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Fall 2012

Esthetician Helps Solve Patient Complexion Riddle

For years, Jane Parks-McKay noticed her face was getting redder and her pores were becoming larger. The 60-year-old writer from Santa Cruz, Calif., saw a number of different doctors, but none ever mentioned the possibility of rosacea.

It was only when she began seeing a dermatologist about five years ago that Jane learned of the condition and realized she probably had been unknowingly battling rosacea for a long time. The doctor prescribed topical therapy for her.

Tips for Talking with Your Doctor

Your dermatologist can be your best defense in keeping your rosacea at bay. Here are some tips to maximize your office visits:

Neuropeptide May Play Role in Pain and Flushing

According to a study funded by the National Rosacea Society, researchers have found a potential connection between the nervous system and the redness and stinging of subtype 1 (erythematotelangiectatic) rosacea.

Drs. Ferda Cevikbas and Martin Steinhoff, University of California-San Francisco, noted that the flushed face of rosacea is often accompanied by stinging and burning, signs of nerve activation. They theorized this may signal a dysfunction in communication between the nerves and the vascular system.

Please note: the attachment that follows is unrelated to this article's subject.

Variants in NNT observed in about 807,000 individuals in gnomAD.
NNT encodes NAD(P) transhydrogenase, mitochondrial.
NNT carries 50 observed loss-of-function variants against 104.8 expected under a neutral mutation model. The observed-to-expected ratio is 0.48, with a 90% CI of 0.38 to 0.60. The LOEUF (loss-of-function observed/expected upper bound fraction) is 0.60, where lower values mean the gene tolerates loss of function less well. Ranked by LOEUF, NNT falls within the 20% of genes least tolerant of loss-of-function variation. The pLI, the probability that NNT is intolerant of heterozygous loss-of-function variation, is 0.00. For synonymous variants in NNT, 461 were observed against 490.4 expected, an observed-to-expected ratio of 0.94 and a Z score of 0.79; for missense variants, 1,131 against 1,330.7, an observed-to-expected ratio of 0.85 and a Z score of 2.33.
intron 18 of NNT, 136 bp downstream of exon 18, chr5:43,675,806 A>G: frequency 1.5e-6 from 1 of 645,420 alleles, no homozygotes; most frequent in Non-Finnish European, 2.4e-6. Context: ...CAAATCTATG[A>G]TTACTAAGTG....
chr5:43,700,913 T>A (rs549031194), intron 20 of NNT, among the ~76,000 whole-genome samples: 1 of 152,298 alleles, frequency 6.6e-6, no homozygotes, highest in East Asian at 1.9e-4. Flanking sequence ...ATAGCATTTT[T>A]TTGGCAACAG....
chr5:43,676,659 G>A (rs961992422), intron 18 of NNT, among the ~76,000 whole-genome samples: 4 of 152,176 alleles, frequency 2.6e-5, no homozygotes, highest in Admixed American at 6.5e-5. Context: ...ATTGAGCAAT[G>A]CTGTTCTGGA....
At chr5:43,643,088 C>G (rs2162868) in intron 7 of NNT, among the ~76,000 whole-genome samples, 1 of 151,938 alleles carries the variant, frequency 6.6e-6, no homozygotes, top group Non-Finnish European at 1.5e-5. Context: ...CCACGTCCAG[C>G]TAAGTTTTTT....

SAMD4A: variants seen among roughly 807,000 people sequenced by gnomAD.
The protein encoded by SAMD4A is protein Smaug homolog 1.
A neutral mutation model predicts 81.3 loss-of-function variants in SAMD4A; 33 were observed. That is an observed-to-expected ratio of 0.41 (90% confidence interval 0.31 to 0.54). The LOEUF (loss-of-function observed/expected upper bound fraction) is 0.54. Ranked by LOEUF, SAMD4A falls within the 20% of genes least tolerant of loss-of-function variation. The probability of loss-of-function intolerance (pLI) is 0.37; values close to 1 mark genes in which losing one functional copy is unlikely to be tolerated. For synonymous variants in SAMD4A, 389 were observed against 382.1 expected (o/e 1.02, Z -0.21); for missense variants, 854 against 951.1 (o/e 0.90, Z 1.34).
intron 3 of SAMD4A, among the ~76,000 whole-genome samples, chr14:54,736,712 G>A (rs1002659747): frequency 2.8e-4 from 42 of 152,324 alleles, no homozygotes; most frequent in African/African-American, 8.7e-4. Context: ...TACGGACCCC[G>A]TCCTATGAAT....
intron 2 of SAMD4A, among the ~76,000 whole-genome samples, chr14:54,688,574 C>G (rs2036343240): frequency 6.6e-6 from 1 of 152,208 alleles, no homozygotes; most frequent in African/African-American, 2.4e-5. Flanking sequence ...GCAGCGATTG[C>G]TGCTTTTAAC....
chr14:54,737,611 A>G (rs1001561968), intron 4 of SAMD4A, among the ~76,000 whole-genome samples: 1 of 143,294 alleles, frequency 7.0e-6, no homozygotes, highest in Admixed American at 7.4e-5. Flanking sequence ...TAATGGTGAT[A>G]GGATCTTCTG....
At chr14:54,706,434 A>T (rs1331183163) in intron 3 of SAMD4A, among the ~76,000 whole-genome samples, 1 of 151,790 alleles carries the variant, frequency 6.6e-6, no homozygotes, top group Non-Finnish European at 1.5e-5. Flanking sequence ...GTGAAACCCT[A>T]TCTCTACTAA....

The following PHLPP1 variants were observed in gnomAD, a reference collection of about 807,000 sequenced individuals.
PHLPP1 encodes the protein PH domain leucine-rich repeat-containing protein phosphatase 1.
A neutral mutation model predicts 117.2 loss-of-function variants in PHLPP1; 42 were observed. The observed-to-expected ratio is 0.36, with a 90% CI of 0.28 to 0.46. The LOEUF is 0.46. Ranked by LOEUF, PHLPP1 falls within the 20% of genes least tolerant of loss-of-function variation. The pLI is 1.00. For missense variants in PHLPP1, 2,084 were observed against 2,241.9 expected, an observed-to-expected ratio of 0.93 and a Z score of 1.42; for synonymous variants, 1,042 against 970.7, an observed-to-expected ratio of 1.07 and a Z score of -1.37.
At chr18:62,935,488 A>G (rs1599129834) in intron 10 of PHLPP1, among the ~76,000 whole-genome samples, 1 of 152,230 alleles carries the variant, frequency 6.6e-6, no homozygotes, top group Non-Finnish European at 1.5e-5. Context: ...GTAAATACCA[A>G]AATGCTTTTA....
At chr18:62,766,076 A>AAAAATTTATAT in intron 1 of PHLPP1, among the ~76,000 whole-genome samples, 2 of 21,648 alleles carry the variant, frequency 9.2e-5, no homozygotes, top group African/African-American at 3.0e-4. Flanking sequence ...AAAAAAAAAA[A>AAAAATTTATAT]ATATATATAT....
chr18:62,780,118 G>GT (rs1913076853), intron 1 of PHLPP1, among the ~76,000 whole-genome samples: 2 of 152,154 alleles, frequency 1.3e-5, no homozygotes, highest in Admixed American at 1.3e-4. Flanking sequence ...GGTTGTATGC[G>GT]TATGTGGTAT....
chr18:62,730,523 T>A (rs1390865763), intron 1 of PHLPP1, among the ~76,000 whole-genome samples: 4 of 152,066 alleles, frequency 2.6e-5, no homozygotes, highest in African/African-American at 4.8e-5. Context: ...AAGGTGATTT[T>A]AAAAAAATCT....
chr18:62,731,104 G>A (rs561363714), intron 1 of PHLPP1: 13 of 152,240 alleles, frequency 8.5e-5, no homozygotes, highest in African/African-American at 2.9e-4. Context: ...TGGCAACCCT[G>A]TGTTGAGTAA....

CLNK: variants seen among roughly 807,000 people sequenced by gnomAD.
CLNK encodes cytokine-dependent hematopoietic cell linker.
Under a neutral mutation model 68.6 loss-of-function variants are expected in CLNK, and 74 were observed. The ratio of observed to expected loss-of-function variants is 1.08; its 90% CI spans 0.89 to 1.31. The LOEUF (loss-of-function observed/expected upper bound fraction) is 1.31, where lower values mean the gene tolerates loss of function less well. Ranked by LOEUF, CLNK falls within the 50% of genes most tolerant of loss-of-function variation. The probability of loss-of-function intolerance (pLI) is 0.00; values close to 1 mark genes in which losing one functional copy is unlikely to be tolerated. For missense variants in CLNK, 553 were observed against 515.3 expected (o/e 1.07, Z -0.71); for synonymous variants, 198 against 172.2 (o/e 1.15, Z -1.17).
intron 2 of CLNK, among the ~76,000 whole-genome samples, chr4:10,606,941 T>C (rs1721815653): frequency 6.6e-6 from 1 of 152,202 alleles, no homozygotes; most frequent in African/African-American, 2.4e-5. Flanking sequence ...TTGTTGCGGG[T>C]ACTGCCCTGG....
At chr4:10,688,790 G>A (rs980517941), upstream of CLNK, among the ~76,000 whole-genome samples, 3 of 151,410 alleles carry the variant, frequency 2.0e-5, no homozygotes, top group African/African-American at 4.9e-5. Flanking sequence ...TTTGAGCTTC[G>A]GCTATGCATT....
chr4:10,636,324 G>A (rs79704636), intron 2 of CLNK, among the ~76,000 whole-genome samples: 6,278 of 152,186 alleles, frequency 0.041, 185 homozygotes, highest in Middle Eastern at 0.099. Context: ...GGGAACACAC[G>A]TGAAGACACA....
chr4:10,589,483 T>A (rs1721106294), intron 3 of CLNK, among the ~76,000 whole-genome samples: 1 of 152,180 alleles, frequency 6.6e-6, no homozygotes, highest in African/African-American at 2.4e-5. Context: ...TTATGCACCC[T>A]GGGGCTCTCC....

Rosacea Patients Feel Effects of Their Condition in Social Settings

Most rosacea patients feel the negative social impact of their condition regardless of which rosacea subtype they may have, according to the results of a new National Rosacea Society survey.

Researchers Make Advances in Understanding of Ocular Rosacea

A new technique for improving the eye symptoms of ocular rosacea, a possible biochemical clue to its diagnosis and a potential link between Demodex and the development of corneal ulcers are among the advances from National Rosacea Society-funded researchers to appear in recent medical journals.

NRS Funds Five New Rosacea Studies

The National Rosacea Society (NRS) has awarded funding for five new studies as part of its research grants program to increase knowledge and understanding of the potential causes and other key aspects of rosacea.

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Contact Us

Phone:
1-888-NO-BLUSH
Email:
rosaceas@aol.com
National Rosacea Society
196 James St.
Barrington, IL 60010

Our Mission

The National Rosacea Society is a 501(c)(3) nonprofit organization whose mission is to improve the lives of people with rosacea by raising awareness, providing public health information and supporting medical research on this widespread but little-known disorder. The information the Society provides should not be considered medical advice, nor is it intended to replace

consultation with a qualified physician. The Society does not evaluate, endorse or recommend any particular medications, products, equipment or treatments. Rosacea may vary substantially from one patient to another, and treatment must be tailored by a physician for each individual case. For more information, visit About Us.